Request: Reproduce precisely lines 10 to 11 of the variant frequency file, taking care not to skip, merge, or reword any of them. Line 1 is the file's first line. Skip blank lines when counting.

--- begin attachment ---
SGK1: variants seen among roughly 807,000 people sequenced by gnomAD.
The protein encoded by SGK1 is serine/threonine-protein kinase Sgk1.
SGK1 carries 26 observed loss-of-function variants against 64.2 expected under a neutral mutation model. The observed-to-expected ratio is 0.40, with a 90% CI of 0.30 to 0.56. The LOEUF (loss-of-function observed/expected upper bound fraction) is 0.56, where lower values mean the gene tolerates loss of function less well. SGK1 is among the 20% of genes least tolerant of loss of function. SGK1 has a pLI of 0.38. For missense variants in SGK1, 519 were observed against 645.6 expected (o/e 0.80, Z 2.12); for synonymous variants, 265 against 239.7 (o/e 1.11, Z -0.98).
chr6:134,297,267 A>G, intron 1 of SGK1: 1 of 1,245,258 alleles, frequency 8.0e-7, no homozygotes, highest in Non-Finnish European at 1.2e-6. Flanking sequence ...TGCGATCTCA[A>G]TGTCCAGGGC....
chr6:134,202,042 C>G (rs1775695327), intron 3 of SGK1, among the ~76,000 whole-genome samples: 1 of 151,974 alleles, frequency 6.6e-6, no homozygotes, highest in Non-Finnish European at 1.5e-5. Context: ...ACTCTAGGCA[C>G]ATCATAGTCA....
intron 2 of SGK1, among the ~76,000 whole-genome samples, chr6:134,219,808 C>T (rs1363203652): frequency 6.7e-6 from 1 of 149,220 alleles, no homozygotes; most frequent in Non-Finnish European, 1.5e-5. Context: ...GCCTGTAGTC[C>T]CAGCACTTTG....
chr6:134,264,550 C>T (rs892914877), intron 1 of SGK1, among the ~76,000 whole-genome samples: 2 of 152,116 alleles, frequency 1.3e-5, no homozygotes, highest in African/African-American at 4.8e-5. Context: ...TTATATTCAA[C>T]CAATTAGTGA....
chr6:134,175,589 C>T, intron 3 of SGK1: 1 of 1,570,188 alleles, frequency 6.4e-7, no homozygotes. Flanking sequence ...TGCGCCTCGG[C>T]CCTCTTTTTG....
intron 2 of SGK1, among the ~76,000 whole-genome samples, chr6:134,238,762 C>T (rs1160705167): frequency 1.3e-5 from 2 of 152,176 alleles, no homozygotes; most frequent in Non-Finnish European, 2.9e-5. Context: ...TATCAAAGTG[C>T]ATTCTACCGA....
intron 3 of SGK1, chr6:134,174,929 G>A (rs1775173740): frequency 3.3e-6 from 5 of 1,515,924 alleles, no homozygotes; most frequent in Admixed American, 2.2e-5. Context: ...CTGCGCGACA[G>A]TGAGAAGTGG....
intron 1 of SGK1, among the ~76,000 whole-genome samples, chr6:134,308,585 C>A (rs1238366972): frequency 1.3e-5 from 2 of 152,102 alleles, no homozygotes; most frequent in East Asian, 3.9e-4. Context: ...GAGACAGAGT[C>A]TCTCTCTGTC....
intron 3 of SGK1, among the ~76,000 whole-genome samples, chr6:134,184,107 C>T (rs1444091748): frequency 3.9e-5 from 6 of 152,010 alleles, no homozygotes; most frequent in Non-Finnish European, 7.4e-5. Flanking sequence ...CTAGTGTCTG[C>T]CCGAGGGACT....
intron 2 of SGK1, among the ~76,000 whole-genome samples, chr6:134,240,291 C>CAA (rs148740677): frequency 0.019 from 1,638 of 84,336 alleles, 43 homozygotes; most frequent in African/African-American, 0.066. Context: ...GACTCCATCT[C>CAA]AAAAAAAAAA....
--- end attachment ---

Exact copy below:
intron 3 of SGK1, chr6:134,174,929 G>A (rs1775173740): frequency 3.3e-6 from 5 of 1,515,924 alleles, no homozygotes; most frequent in Admixed American, 2.2e-5. Context: ...CTGCGCGACA[G>A]TGAGAAGTGG....
intron 1 of SGK1, among the ~76,000 whole-genome samples, chr6:134,308,585 C>A (rs1238366972): frequency 1.3e-5 from 2 of 152,102 alleles, no homozygotes; most frequent in East Asian, 3.9e-4. Context: ...GAGACAGAGT[C>A]TCTCTCTGTC....